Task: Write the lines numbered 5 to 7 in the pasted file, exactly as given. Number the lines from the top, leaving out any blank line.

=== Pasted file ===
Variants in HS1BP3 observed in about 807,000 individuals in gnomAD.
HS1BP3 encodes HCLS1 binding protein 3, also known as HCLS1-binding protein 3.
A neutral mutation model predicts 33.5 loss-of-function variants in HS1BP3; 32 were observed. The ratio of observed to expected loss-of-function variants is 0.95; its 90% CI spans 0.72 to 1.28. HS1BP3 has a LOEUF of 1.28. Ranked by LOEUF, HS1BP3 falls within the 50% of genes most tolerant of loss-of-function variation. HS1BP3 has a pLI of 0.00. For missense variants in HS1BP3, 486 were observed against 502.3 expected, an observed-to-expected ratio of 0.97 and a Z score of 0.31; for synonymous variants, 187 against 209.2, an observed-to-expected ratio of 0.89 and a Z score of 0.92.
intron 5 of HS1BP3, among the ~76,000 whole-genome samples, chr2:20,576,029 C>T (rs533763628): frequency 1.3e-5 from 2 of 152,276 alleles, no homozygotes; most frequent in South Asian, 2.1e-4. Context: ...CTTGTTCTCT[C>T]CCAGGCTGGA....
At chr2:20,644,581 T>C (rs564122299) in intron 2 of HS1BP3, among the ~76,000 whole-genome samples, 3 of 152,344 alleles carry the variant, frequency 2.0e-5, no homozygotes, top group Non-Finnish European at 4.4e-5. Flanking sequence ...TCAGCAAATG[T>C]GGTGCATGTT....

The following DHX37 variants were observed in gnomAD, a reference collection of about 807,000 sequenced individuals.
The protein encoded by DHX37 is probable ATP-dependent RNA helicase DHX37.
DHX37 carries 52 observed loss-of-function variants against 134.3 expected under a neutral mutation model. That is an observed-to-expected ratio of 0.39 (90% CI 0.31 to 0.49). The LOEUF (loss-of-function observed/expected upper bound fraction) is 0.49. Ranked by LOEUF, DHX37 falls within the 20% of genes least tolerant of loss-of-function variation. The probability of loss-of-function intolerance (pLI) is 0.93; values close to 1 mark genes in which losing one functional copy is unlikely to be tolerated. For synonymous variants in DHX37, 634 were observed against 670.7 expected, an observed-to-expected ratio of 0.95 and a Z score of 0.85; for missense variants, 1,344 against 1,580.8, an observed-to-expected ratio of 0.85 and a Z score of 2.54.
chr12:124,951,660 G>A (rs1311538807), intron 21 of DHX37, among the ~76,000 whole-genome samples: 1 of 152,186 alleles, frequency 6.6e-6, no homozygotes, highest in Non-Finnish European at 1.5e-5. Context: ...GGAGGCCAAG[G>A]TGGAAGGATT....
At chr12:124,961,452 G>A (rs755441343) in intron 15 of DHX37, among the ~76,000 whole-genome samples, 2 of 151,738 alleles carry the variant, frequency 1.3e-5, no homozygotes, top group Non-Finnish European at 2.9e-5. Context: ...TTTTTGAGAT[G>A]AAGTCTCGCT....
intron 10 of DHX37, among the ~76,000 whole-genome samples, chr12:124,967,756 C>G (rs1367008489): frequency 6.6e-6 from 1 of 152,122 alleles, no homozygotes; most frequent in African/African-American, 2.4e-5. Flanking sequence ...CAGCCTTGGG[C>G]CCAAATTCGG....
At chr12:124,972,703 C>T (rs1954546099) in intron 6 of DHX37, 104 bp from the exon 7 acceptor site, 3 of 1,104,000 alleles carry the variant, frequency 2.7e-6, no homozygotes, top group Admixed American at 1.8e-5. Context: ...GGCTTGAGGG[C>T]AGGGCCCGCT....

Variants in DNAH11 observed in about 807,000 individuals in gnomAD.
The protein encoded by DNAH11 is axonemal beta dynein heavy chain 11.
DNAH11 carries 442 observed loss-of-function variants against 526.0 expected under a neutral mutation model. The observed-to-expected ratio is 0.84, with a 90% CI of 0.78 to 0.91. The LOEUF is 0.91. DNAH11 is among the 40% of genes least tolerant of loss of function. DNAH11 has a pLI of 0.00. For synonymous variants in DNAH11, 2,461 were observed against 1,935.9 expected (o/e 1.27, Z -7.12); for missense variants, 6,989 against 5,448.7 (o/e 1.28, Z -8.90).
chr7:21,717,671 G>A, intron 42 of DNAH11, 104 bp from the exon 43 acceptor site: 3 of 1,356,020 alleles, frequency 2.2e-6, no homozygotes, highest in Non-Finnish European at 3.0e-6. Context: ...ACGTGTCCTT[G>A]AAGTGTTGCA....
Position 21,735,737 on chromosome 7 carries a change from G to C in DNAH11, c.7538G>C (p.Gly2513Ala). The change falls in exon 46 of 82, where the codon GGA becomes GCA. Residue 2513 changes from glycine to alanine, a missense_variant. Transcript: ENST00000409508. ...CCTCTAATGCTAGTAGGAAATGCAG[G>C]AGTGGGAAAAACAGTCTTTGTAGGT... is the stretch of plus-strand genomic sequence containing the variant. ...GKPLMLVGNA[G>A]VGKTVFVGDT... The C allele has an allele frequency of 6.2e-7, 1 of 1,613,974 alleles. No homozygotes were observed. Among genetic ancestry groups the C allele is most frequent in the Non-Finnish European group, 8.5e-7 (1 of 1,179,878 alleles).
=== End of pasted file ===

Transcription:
At chr2:20,644,581 T>C (rs564122299) in intron 2 of HS1BP3, among the ~76,000 whole-genome samples, 3 of 152,344 alleles carry the variant, frequency 2.0e-5, no homozygotes, top group Non-Finnish European at 4.4e-5. Flanking sequence ...TCAGCAAATG[T>C]GGTGCATGTT....

The following DHX37 variants were observed in gnomAD, a reference collection of about 807,000 sequenced individuals.
The protein encoded by DHX37 is probable ATP-dependent RNA helicase DHX37.